And mine doesn't look the way it does. The endorsement is messed up . The 2nd PAY TO THE ORDER OF ISN'T TYPED IN ON THE NOTE! Which means they didn't properly assign to Citi. Citi put probably 10-15 different names on the Proof of Claim in the court. The assignment on the 2nd was never filed in county. And in BK court we were granted the objection for not knowing who owns the 2nd. As the assignment given to the court WAS BLANK. But they knew it was BLANK before filing anything in the COURT. They have a RESPONSIBILITY to provide truth and factual evidence. My atty at one point told me he could possibly get my note settled for cheap. Well HOW can they SETTLE anything if their claiming by a blank assignment they don't know who owns? This is also a Wells Fargo Trustee deal...

Some people beg for dam recusals. I didn't. I hear both good and bad about them. But I've never been taught to lie. There are circumstances not always within one's control. I believe the picture I painted the judge agreed with me hence the recusal of her previous denial.


However, Since I've determined those other people basically had their home stolen for trying to follow the path as I have to get to the truth. I've also found another couple with a home worth about $300k. From what I've found they basically have no help from their representation. No QUESTIONING of anything..On a 300k note they've got almost 11% interest with an arm. Which will kick in this Sept.

So with the info I have I'm stuck trying to figure out something for an appeal.  What a nightmare. I've thought about doing a VIDEO APPEAL and put it LIVE ON THE NET.
I'm tired of NO RESULTS! oR Bankers that get to lie for NO REASON! We NEED HELP NOT SCAM  ARTISTS...SO  in SUMMARY...

How would you like for me to pay my bills if no real banker, atty or judge knows how to do business? Especially if you help I can help put a few Billion into the banks hand and NO ONE WANTS TO HELP. The mortgage notes that could of been purchased and sold they didn't wanna do. You know the amount was to small to spend or they were crooks and wanted to make money on something once they sold it. So now that Gold and Diamonds are Hot the banks still have nothing but WANNA BE PLAYERS.

So regardless of what your trying to sell for the most part your terribly mistaken that anyone is real anymore. So I'm now thinking of becoming a professional witness for people..My thought process for this is maybe getting my story in front of another judge may help that particular family if they TRULY DO HAVE CAPABILITY TO DO SOMETHING DIFFERENT. The more I get this info out the better chance someone will have in getting HELP!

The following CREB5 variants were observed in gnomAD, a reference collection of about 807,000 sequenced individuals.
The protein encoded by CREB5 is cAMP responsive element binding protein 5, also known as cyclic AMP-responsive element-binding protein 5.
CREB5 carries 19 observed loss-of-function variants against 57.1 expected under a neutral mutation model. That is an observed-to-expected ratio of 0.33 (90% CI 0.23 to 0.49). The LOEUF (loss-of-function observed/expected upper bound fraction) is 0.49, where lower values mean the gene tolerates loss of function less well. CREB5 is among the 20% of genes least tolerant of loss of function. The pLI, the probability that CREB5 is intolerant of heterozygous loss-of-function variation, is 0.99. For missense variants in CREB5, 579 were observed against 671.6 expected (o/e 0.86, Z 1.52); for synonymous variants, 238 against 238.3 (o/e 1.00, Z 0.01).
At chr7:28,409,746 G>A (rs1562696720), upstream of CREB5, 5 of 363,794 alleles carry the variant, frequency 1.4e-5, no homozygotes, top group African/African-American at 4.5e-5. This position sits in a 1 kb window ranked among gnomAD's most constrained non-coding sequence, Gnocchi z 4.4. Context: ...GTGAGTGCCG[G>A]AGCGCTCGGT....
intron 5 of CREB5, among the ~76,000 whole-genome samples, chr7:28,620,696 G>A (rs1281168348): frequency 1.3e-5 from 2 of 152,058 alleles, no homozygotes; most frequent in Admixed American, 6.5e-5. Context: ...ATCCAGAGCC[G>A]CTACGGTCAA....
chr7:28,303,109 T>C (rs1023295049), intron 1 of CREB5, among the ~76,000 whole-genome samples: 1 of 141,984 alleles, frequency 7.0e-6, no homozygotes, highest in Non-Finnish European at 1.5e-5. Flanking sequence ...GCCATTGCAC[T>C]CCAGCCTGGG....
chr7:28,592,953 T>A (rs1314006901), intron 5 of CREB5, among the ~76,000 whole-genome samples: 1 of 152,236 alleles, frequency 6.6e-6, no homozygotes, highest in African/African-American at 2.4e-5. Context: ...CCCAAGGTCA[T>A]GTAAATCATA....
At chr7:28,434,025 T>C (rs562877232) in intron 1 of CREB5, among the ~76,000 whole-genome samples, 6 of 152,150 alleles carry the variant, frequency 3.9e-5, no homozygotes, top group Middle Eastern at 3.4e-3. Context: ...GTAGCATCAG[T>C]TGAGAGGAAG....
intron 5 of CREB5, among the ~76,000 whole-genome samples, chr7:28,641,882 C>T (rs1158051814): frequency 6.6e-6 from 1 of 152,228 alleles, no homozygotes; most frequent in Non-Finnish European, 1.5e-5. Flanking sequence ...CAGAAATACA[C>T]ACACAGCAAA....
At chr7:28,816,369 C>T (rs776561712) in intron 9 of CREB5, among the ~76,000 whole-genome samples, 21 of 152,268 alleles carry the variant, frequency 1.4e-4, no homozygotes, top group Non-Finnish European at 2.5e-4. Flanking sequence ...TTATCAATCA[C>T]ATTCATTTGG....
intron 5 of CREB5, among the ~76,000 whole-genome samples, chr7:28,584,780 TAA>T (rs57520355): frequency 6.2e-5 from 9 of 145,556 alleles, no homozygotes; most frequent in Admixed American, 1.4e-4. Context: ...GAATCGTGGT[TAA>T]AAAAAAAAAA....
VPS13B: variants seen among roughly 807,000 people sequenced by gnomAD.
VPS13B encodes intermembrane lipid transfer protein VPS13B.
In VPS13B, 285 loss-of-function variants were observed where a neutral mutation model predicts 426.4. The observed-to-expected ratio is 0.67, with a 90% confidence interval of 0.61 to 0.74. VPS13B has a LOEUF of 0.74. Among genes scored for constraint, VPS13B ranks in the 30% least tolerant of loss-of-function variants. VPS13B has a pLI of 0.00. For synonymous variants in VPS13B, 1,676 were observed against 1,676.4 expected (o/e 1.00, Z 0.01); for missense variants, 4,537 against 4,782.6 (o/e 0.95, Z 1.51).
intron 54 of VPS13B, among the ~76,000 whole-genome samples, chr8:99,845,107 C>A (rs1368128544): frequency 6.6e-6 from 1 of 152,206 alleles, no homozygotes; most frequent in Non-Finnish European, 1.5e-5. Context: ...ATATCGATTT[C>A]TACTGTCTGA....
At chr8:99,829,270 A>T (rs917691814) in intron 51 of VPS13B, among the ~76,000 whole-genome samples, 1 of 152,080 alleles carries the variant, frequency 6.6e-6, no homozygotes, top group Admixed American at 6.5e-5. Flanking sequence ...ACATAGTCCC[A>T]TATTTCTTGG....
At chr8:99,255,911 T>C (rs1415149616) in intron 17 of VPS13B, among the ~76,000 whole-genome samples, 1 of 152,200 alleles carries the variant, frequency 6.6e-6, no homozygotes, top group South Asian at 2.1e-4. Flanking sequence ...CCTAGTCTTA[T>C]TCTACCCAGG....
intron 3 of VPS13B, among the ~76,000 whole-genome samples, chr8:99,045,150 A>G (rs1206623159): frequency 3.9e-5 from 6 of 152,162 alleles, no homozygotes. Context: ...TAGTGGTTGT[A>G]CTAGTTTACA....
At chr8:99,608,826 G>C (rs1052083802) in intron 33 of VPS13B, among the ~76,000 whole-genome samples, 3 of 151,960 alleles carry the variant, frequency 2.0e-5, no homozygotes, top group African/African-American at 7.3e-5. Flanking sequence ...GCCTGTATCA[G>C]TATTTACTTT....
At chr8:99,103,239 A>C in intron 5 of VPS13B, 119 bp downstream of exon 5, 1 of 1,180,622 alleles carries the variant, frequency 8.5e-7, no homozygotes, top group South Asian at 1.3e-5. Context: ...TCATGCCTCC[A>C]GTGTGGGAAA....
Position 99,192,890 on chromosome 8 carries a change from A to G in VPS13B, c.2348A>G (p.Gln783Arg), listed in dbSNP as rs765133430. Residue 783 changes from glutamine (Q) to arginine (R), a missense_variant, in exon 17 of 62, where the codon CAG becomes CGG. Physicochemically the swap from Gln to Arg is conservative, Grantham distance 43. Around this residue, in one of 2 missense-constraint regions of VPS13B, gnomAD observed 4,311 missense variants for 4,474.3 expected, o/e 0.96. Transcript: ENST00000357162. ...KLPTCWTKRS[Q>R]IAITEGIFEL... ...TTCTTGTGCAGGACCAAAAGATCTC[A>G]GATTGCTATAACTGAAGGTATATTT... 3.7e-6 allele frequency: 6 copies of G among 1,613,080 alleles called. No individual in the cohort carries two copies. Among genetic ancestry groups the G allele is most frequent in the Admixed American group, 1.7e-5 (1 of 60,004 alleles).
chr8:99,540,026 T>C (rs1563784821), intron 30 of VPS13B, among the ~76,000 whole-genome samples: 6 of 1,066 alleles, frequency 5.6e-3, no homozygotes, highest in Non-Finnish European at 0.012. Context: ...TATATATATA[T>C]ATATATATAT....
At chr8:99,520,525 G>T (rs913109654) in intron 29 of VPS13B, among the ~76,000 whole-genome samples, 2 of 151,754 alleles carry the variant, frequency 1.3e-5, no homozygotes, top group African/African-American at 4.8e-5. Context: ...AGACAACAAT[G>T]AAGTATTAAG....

Although, it seems most don't care to HELP. They WANT THEIR MONEY! Which they've already made how much off of you? How much did you put down? Did you have equity you refinanced? Did they properly write your loan even? Mine was to be a refi-they wrote it up as a purchase money mortgage to get out of a recission period refis require.

If anyone tries to determine I'm a nut case maybe I am. But I can also say I've never been paid for being stupid either. So are you ready to help me make money to help everyone yet? I know most call me crazy for this as well. But why not just even the playing field?

Knowledge is everything. Stealing needs JAIL TIME AT THIS MAGNITUDE. They can't even get it thru their head they don't know who owns the debt! Or who really has the RIGHT TO SELL THAT DEBT OR FORECLOSE ON IT AS WELL. So how do you try to get me to take it as a taxable as income when your the one who didn't live up to YOUR FIDUCIARY RESPONSIBILITY? I almost made it to be a multi millionaire before I was even 40 until CROOKS GET TO DEAL IN THE PICTURE. Will I make it b4 41? Doubt it the CROOKS are still in PLACE! DAM THE LUCK! But LUCKILY some GOOD BANKERS are still IN PLACE for us to FACILITATE. Depending on WHO HELPS ME means I'll be able to HELP SOMEONE BESIDE MYSELF. That means the WORLD TO ME...besides my immediate family I can't think of anything better to do with the turmoil so many are forced to endure due to circumstances not totally within their control.